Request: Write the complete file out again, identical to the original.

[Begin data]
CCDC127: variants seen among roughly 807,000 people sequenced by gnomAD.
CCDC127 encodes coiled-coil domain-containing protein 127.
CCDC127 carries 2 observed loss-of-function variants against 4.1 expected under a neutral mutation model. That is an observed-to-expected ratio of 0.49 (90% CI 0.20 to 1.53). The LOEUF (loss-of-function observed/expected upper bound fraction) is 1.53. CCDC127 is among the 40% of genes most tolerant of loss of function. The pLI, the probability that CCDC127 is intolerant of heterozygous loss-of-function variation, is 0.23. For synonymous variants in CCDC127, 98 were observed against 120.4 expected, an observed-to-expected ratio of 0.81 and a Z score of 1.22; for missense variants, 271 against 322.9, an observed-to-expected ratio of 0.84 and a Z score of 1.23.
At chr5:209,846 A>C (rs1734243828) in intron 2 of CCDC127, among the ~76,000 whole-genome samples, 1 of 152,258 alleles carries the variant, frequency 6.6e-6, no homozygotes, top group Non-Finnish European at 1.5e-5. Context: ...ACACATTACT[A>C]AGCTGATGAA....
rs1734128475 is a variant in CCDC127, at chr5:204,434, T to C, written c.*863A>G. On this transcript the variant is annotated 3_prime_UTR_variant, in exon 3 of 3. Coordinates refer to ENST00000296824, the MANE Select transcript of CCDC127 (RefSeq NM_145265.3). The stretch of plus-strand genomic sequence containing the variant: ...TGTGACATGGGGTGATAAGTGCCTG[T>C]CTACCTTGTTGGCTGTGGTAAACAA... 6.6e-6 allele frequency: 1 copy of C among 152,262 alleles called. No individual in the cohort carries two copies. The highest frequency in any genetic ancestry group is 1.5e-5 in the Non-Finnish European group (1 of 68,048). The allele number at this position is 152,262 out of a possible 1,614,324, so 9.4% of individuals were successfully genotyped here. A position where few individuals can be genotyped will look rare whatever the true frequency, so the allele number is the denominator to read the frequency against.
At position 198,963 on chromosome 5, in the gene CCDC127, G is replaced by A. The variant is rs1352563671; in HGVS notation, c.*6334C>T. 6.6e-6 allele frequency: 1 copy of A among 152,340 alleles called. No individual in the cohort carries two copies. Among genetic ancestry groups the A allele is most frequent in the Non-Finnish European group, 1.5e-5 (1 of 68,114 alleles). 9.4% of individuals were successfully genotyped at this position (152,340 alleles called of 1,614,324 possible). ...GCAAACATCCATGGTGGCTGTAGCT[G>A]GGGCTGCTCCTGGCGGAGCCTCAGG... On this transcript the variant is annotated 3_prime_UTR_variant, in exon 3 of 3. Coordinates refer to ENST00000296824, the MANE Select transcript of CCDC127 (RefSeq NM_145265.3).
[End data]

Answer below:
CCDC127: variants seen among roughly 807,000 people sequenced by gnomAD.
CCDC127 encodes coiled-coil domain-containing protein 127.
CCDC127 carries 2 observed loss-of-function variants against 4.1 expected under a neutral mutation model. That is an observed-to-expected ratio of 0.49 (90% CI 0.20 to 1.53). The LOEUF (loss-of-function observed/expected upper bound fraction) is 1.53. CCDC127 is among the 40% of genes most tolerant of loss of function. The pLI, the probability that CCDC127 is intolerant of heterozygous loss-of-function variation, is 0.23. For synonymous variants in CCDC127, 98 were observed against 120.4 expected, an observed-to-expected ratio of 0.81 and a Z score of 1.22; for missense variants, 271 against 322.9, an observed-to-expected ratio of 0.84 and a Z score of 1.23.
At chr5:209,846 A>C (rs1734243828) in intron 2 of CCDC127, among the ~76,000 whole-genome samples, 1 of 152,258 alleles carries the variant, frequency 6.6e-6, no homozygotes, top group Non-Finnish European at 1.5e-5. Context: ...ACACATTACT[A>C]AGCTGATGAA....
rs1734128475 is a variant in CCDC127, at chr5:204,434, T to C, written c.*863A>G. On this transcript the variant is annotated 3_prime_UTR_variant, in exon 3 of 3. Coordinates refer to ENST00000296824, the MANE Select transcript of CCDC127 (RefSeq NM_145265.3). The stretch of plus-strand genomic sequence containing the variant: ...TGTGACATGGGGTGATAAGTGCCTG[T>C]CTACCTTGTTGGCTGTGGTAAACAA... 6.6e-6 allele frequency: 1 copy of C among 152,262 alleles called. No individual in the cohort carries two copies. The highest frequency in any genetic ancestry group is 1.5e-5 in the Non-Finnish European group (1 of 68,048). The allele number at this position is 152,262 out of a possible 1,614,324, so 9.4% of individuals were successfully genotyped here. A position where few individuals can be genotyped will look rare whatever the true frequency, so the allele number is the denominator to read the frequency against.
At position 198,963 on chromosome 5, in the gene CCDC127, G is replaced by A. The variant is rs1352563671; in HGVS notation, c.*6334C>T. 6.6e-6 allele frequency: 1 copy of A among 152,340 alleles called. No individual in the cohort carries two copies. Among genetic ancestry groups the A allele is most frequent in the Non-Finnish European group, 1.5e-5 (1 of 68,114 alleles). 9.4% of individuals were successfully genotyped at this position (152,340 alleles called of 1,614,324 possible). ...GCAAACATCCATGGTGGCTGTAGCT[G>A]GGGCTGCTCCTGGCGGAGCCTCAGG... On this transcript the variant is annotated 3_prime_UTR_variant, in exon 3 of 3. Coordinates refer to ENST00000296824, the MANE Select transcript of CCDC127 (RefSeq NM_145265.3).